Several regional economic groups, including the Bellingham/Whatcom Chamber of Commerce, are taking a stand against the U.S. government’s use of “expedited removal,” a border-security measure that can ban foreigners from entering the U.S. for at least five years—and in some cases, forever.
Bill Gorman, interim director of the Bellingham Chamber, said that while he believes federal agents should have appropriate tools to police the border, a lack of accountability and oversight in the expedited-removal process could hurt cross-border traffic between the U.S. and Canada and the economic benefits it brings into Whatcom County.
“It has long been an open border between the U.S. and Canada,” Gorman said. “We have a special relationship because of our long history with our border and our history as natural friends.”
Along with the British Columbia Chamber of Commerce, the Northwest Economic Council and the Pacific Corridor Enterprise Council, the Bellingham Chamber has joined a legal challenge on the expedited removal of John R.G. Smith, a Canadian cameraman for a national skydiving team, who says he was placed in expedited removal after trying to cross the border several years ago on the way to a training trip in Arizona.
U.S. border agents didn’t buy his story, and suspected he was trying to enter the country to work illegally. Federal law grants border agents authority to use expedited removal if they believe noncitizens are misrepresenting themselves or lacking proper documentation.
The Bellingham Chamber and its partner organizations filed an amicus curiae, or “friend of the court,” brief in the case, which is currently pending before the 9th U.S. Circuit Court of Appeals. A decision from the court is expected within six months.
Expedited removal has garnered controversy in Canada for years, mainly due to the limitations individuals have to challenge their bans handed down by U.S. border agents.
Those placed in expedited removal cannot legally enter the U.S. for a minimum of five years, according to federal law, though in some instances they can be given lengthier bans, including lifetime ones.
While appeals to U.S. Customs and Border Protection are allowed, there are no immigration courts or other independent forums set up to hear challenges.
Canadian media outlets have highlighted several expedited removals that have confounded immigration attorneys and business leaders.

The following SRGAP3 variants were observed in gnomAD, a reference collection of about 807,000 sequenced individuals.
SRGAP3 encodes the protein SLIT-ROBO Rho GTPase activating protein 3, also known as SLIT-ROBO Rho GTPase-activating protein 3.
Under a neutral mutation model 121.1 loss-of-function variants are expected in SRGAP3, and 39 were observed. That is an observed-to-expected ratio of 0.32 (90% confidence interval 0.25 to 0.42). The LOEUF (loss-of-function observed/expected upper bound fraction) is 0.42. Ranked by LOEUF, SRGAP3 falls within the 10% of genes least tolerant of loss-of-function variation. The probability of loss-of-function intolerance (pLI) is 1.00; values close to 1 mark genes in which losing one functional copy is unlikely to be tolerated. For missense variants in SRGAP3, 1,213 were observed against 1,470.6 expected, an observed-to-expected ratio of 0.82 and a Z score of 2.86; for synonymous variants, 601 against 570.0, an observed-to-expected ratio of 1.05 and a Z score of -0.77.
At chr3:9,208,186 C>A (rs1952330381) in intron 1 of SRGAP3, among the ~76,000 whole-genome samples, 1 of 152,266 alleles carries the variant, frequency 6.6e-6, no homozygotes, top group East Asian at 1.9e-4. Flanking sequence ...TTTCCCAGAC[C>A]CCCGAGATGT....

One recent high-profile case involved Chad Rook, a Vancouver, B.C. television actor who was barred from the U.S. for five years after trying to get through the Peace Arch Border Crossing in early 2013. Rook said he was on his way to California to scope out potential acting jobs, but wasn’t planning to stay in the U.S. indefinitely.
Border agents didn’t believe him.
In the amicus brief, the Bellingham Chamber and its partners argue that the expedited removal system, as currently managed, causes unnecessary harm to businesses in both countries.
U.S. officials are not commenting on the current legal challenge, as they do not talk about matters pending in court, said Michael Milne, a spokesman for U.S. Customs and Border Protection.
Milne did provide federal statistics on the annual number of expedited removals recorded at each of the four border crossings in Whatcom County.
According to the numbers, individuals placed into expedited removal make up a sliver of the total number traveling across the U.S.-Canada border every year. Of the 14.8 million people who crossed the border into Whatcom County in 2012, 47 were placed in expedited removal, according to the U.S. government.
Those 47 cases were the fewest annual expedited removals recorded since 2005, the last year stats were readily available from federal officials.
But Greg Boos, a Bellingham immigration lawyer who wrote the economic groups’ amicus brief and represents them in the 9th Circuit case, said he doesn’t think those numbers reflect the real impacts at the border.
Boos believes far more Canadians stay away from the border due to the threat, either real or perceived, of an expedited removal ban. He said expedited-removal decisions are better left to immigration courts rather than on-the-spot calls made by federal law-enforcement officers.
Boos said federal government resistance to address the issue could have harmful effects on future economic ties between the U.S. and Canada.
“It’s become apparent that our economy is dependent on cross-border trade and commerce, and that’s not just shoppers coming down to shop in Bellingham,” Boos said.
Gorman said he would like to see a better balance struck between security and ease of travel between the two countries.
The threat of expedited removal, along with the tightening of other border security measure over the past decade, has had a dampening effect on cross-border travel into Whatcom County, Gorman said.
“I think it just raises the bar on uncertainty, and makes it risky to come across,” he said.
Evan Marczynski, staff reporter for The Bellingham Business Journal, can be reached at 360-647-8805, Ext. 5052, or firstname.lastname@example.org.